5 Questions with Vanessa Clay
There is much to celebrate with the current production of “Rent” being presented by Capital District Arts Initiative at Lark Hall, which has five more shows this weekend at Lark Hall. The first is the production itself produced by CDAI, a group new to me, in an immersive staging directed by Francesco C. Archina at Lark Hall, where I’m not aware that they have hosted theater productions before. AND they sold out all five performances of their opening weekend, so act fast to catch this entirely new take on the classic rock musical by a new group in a new space. To learn more, I asked five questions of Vanessa Clay, a member of the ensemble who also alternates as Mimi.
PW: Your opening weekend is nearly sold out. You’ve spoken to Nippertown’s owners Jim & Laura, and reached out to me. What else have you and CDAI done to promote the show?
VC: It honestly seemed too easy to promote this production, as I know many folks in the area have a close bond with the music or the movie. It’s the nostalgia of it all that really brings the attention we need. I’ve been using my Instagram following to my advantage and post about it a couple of times a week on my Story. It’s helped gain a lot of traction even though my account is private. I already promote the drag events I help coordinate in the Capital Region, and we already know how close Drag and Theatre correlate. (If you know me, you know Albany’s Typhoid Mary and I go hand in hand!) I’ve noticed CDAI will repost any posts the cast members make or just promote it themselves. I’ve also noticed flyers being posted all over local businesses from N Pearl to Central Ave. They each have a QR Code for easy access to the ticket link. We’re all very excited to be a part of something beautiful, and from the way my cast members and I talk about it, it really shows how much we care. We want everyone to see this.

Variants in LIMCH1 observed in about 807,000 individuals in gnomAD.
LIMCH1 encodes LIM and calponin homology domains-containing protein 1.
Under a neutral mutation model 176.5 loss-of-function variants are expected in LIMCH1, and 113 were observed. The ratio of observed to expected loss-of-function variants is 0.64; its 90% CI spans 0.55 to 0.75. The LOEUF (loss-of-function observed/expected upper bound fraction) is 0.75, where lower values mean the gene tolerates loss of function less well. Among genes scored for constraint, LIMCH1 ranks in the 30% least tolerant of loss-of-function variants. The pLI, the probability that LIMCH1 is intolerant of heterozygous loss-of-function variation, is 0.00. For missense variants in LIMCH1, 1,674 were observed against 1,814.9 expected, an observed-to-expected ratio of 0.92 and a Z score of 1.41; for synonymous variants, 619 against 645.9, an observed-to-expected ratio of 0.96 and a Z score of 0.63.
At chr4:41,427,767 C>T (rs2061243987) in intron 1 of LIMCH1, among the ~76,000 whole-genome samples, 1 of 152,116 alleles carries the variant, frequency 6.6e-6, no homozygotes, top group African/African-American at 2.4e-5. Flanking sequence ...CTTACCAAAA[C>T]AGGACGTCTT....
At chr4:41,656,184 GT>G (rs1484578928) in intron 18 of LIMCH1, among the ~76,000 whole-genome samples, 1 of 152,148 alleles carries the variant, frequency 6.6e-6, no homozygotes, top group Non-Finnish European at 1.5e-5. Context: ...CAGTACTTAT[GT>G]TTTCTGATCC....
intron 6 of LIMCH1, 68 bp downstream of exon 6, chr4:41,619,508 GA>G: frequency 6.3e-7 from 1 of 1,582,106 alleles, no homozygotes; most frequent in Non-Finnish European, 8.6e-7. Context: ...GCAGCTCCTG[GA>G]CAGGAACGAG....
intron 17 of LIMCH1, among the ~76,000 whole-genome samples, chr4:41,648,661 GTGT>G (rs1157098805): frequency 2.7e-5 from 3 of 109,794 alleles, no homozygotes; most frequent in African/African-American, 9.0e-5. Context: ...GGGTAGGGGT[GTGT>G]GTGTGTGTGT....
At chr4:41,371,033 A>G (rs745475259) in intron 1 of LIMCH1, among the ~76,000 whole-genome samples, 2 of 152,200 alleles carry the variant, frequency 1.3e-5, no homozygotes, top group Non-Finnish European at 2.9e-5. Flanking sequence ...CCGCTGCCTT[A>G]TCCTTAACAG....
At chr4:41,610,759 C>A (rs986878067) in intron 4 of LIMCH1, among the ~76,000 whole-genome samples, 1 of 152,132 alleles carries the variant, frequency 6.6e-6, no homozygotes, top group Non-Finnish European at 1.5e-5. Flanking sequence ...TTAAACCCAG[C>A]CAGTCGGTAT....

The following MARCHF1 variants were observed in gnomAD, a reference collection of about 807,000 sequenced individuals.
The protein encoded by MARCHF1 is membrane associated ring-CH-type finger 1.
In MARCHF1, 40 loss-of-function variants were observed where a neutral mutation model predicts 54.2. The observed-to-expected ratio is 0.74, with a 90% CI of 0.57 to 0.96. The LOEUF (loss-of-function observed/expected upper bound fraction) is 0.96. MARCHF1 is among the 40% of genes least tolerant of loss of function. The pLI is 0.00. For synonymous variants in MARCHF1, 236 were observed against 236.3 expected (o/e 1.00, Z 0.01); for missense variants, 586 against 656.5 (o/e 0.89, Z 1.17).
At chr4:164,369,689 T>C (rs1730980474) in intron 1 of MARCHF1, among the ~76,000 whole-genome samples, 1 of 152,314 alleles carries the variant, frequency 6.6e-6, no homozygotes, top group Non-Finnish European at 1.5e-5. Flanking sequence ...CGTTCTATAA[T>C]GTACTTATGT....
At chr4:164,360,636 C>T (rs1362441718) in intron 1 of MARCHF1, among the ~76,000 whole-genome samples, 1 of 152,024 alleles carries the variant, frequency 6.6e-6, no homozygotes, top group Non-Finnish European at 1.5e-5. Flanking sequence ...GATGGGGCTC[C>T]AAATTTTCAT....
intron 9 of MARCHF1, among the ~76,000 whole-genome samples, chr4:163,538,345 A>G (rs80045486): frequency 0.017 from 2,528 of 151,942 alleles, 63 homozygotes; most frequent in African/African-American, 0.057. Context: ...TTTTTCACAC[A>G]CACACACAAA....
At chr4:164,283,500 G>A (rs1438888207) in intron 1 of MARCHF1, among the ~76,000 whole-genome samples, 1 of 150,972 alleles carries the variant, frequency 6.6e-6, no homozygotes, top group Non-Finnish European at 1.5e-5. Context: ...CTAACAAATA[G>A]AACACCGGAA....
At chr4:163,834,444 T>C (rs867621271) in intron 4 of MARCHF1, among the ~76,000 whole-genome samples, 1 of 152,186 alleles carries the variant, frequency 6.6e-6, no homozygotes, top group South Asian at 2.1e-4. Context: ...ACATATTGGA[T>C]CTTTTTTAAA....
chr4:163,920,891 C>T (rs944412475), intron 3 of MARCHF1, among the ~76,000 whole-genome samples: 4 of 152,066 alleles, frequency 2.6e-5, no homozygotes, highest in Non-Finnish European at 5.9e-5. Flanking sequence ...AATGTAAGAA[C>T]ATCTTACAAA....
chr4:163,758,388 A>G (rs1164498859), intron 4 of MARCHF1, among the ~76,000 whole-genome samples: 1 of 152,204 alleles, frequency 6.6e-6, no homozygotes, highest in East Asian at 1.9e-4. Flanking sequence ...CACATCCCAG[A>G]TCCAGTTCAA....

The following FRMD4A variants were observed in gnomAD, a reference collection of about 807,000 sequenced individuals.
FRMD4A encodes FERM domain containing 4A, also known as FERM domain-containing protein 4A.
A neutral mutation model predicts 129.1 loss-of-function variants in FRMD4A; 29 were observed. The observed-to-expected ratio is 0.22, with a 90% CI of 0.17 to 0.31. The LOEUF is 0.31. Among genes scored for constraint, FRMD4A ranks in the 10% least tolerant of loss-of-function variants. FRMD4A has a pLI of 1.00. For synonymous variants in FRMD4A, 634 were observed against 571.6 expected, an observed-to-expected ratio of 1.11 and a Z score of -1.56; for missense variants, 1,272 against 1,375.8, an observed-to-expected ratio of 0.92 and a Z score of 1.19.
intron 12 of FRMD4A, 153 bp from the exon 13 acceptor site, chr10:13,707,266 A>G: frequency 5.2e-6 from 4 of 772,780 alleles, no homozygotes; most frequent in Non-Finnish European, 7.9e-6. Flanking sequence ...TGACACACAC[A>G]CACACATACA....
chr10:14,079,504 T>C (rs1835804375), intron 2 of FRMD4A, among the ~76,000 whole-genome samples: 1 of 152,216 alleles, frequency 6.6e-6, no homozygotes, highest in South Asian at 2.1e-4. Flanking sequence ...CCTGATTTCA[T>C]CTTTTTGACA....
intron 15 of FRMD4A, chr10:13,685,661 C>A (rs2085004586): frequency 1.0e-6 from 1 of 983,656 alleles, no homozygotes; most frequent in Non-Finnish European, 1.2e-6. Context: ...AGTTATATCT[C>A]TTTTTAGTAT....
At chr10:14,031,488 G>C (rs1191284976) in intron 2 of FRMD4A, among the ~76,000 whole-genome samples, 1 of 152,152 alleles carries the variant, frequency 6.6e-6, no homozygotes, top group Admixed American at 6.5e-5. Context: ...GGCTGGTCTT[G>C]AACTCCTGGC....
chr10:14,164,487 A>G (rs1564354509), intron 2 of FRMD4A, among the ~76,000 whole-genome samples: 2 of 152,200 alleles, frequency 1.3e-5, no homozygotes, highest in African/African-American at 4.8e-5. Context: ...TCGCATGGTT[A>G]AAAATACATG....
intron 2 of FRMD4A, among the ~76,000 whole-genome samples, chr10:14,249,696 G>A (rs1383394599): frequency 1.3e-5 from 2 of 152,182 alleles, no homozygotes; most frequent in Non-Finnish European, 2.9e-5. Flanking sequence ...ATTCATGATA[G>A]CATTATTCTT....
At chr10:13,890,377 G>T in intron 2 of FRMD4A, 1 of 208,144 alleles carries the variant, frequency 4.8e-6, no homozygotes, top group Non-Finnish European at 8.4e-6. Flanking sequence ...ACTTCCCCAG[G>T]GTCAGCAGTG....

PW: You are in the ensemble and understudying Mimi, playing the part in the two Saturday matinees, how does that work in rehearsal? Do you have Mimi days? How has it been challenging to balance the two very different responsibilities?
VC: I’ll be honest. It was quite a challenging process. In our scheduled rehearsals, it was my responsibility not only to prioritize my ensemble role, but I also had to watch Mahogany Akita learn her role as Mimi without any of my own scheduled rehearsal time. I’m typically a hands-on learner and was able to schedule some rehearsals on our days off. But, at most, I only had about 3-4 rehearsals where I was able to go over blocking/choreography on my own with my director or choreographer(s) present. When it came to my first practice run as Mimi, I was very nervous as I thought I wouldn’t have the blocking down and look like a mess in the space. Luckily, with the confidence I had and with the help of my cast, I got through it with ease. There were moments during certain numbers where a cast member would mumble to me, or nod their head, to indicate where my footing should be or what was going to happen next. It must’ve been written all over my face how confused I was. Since then, this is the most confident I’ve ever felt in any role I’ve played before. I couldn’t be more grateful for all the support and encouragement I’ve received from this team.